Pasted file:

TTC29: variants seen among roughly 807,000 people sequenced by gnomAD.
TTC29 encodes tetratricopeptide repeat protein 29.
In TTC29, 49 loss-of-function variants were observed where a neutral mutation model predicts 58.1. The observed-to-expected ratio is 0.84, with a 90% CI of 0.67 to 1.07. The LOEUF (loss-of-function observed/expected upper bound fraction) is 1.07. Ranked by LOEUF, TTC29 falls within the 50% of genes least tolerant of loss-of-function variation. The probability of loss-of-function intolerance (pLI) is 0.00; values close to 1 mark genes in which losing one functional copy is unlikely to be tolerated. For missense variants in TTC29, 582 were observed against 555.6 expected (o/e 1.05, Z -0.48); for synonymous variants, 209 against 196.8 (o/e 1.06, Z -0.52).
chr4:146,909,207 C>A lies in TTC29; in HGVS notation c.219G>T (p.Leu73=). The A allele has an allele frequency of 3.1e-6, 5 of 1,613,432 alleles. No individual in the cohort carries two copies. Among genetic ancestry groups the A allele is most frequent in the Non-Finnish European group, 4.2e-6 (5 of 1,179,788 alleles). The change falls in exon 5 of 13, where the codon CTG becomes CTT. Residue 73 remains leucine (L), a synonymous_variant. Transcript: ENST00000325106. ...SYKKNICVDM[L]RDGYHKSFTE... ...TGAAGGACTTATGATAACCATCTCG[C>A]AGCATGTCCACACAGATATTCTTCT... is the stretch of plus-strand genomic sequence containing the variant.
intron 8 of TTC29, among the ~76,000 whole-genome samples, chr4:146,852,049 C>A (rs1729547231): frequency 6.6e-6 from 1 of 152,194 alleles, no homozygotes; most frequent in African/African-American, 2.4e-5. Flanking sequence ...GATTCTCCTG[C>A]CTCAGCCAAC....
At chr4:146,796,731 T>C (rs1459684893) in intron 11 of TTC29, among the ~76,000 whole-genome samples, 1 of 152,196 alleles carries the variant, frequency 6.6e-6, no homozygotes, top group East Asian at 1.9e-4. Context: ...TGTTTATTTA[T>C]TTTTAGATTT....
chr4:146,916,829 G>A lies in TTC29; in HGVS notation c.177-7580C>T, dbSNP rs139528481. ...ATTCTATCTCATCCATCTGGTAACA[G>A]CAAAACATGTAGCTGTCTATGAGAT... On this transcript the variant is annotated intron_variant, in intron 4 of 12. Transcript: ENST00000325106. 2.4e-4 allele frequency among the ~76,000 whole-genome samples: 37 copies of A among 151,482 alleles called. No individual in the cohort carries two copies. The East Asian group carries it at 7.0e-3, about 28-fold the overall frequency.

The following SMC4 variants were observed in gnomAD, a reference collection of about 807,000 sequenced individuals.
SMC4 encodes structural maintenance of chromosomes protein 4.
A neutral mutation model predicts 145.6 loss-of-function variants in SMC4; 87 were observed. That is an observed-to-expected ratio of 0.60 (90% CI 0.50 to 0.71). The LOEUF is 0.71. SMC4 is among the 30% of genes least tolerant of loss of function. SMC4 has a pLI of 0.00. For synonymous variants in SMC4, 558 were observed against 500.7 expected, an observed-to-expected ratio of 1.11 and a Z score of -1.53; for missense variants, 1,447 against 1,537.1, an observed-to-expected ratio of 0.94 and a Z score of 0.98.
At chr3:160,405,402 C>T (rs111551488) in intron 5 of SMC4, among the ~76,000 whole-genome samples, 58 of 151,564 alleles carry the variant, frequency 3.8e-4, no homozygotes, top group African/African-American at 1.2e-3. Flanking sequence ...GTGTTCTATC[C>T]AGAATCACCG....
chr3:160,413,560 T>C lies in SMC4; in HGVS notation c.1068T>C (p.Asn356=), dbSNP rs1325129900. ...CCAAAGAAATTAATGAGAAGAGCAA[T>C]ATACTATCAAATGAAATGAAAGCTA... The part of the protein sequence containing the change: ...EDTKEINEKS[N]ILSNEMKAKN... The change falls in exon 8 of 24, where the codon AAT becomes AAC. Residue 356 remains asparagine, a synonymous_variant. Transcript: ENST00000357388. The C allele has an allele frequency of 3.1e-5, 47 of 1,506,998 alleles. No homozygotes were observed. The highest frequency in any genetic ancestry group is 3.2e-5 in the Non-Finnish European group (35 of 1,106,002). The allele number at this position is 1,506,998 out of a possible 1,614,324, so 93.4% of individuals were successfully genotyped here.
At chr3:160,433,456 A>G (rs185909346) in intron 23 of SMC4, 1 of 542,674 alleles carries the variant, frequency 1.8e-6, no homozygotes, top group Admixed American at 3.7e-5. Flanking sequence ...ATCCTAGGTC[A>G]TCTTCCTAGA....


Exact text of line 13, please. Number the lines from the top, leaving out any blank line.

At chr3:160,433,456 A>G (rs185909346) in intron 23 of SMC4, 1 of 542,674 alleles carries the variant, frequency 1.8e-6, no homozygotes, top group Admixed American at 3.7e-5. Flanking sequence ...ATCCTAGGTC[A>G]TCTTCCTAGA....